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Although his early art focused on abstract paintings, Izumi Kato has put down the paintbrush for a more hands-on approach to the human form. Kato’s eponymous show currently on view at Galerie Perrotin in New York showcases his idiosyncratic approach to applying paint on canvas. The eerie presence of his abstracted human forms possess a strong sense of physicality due to the artist’s use of applying paint directly with his hands. Kato’s method of leaving all works untitled, the lack of pictorial narrative, and his avoidance of preemptive studies or sketches leaves his work definably unknowable, yet strangely recognizable in form. The only certainty in Kato’s paintings is the necessary element of tactility. Upon close examination, Kato’s paintings are an indexical reference guide to the motions of the artist, inextricably tying Kato’s physical being to that of his otherworldly beings.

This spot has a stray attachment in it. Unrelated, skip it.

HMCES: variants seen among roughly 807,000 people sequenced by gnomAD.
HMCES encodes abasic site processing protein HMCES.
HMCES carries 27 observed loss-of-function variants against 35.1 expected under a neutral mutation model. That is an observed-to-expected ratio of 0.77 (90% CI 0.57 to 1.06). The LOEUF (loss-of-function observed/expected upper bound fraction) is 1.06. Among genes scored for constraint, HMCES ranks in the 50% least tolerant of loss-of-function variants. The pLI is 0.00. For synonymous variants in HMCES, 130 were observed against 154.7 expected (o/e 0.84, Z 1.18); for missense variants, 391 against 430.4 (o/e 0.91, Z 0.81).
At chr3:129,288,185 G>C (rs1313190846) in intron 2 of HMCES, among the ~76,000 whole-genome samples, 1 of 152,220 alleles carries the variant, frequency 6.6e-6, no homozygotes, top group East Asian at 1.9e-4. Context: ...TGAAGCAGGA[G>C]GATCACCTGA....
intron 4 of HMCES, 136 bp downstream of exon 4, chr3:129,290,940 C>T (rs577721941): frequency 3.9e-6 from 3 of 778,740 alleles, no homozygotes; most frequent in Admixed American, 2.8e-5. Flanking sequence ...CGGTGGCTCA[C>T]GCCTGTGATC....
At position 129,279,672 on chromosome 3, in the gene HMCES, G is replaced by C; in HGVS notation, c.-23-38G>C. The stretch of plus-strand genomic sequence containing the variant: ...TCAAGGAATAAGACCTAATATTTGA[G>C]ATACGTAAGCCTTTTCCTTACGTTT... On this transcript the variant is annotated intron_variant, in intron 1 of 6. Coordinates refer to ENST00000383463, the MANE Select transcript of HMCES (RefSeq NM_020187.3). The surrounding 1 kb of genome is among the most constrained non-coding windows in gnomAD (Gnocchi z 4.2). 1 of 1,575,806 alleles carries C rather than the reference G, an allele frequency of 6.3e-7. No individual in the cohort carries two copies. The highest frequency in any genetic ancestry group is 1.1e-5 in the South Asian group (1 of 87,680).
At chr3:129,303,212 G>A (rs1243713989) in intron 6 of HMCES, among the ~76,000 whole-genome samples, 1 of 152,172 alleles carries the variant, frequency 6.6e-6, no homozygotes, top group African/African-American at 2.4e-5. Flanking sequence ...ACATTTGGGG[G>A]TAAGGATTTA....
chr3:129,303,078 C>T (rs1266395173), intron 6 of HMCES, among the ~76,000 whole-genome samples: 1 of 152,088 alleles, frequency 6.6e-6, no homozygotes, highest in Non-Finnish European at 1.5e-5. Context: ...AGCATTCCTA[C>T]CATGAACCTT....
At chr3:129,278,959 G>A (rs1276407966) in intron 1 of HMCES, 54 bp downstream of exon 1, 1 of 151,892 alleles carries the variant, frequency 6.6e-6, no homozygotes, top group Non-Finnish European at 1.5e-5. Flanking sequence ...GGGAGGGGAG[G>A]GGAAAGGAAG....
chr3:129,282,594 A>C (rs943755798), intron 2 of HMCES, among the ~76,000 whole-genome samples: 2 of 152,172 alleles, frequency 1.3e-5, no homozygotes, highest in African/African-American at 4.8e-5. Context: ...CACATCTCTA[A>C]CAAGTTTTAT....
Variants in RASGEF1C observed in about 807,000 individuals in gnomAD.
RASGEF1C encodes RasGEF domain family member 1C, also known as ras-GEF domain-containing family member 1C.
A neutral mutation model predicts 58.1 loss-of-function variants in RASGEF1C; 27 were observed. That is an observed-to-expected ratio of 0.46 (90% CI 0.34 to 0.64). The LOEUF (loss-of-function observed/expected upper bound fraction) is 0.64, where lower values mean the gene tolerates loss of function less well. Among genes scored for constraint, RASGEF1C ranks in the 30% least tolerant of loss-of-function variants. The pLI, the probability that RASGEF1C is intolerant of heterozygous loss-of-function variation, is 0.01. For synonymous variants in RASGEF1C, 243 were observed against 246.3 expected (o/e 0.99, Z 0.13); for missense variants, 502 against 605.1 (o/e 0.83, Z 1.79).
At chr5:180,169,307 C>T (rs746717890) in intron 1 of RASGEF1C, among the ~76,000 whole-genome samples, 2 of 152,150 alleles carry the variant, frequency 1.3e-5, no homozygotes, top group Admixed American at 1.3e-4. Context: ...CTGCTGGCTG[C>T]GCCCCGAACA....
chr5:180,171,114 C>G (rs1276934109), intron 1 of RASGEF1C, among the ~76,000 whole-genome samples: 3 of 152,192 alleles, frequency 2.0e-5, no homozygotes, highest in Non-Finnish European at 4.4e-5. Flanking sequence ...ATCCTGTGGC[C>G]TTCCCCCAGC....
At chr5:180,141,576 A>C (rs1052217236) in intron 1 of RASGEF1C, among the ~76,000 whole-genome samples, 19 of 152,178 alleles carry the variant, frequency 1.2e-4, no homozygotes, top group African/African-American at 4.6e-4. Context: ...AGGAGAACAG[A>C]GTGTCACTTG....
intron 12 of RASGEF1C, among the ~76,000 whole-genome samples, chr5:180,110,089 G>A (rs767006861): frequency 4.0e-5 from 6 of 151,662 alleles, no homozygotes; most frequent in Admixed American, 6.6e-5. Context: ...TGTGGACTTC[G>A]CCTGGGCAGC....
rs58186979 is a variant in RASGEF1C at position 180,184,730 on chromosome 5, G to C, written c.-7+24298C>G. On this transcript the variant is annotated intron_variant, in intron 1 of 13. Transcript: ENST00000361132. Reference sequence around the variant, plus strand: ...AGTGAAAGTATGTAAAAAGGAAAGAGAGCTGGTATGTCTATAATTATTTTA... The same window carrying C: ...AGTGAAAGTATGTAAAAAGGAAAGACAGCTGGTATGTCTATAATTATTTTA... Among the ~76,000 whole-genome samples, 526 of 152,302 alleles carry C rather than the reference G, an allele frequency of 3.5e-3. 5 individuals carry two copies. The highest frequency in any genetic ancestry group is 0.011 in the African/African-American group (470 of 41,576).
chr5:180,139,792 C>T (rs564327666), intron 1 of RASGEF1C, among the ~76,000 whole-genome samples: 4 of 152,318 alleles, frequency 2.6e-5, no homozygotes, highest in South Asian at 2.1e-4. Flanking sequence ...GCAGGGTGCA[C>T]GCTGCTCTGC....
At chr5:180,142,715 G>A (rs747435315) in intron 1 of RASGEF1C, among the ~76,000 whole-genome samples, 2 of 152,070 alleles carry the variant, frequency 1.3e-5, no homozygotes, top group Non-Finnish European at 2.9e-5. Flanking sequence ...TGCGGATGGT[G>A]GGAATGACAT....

Given his interest in physical forms, it makes perfect sense that sculpture work would be his next mode of expression. In 2005, Kato adapted his human figures into sculptures made of wood. Purposefully avoiding easily moldable materials such as clay or resin, Kato’s proclivity to wood allowed him to leave cracks and chisel marks as if they were the markings on flesh.
By seeing both mediums side-by-side at Galerie Perrotin, viewers are able to observe Kato’s sculptures as extensions of his paintings. Working in conversation with one another, the untitled works showcase the endless possibilities of Kato’s wildly imaginative world. With vivid hues and flat color field backgrounds that provide an unidentifiable setting for the artist’s anonymous figures, Kato creates a body of art that exists beyond all boundaries.
“Izumi Kato” is on view at the Galerie Perrotin through February 27, 2016. On the occasion of the exhibition, Galerie Perrotin will release a monograph including a text by Ryûtarô Takahashi.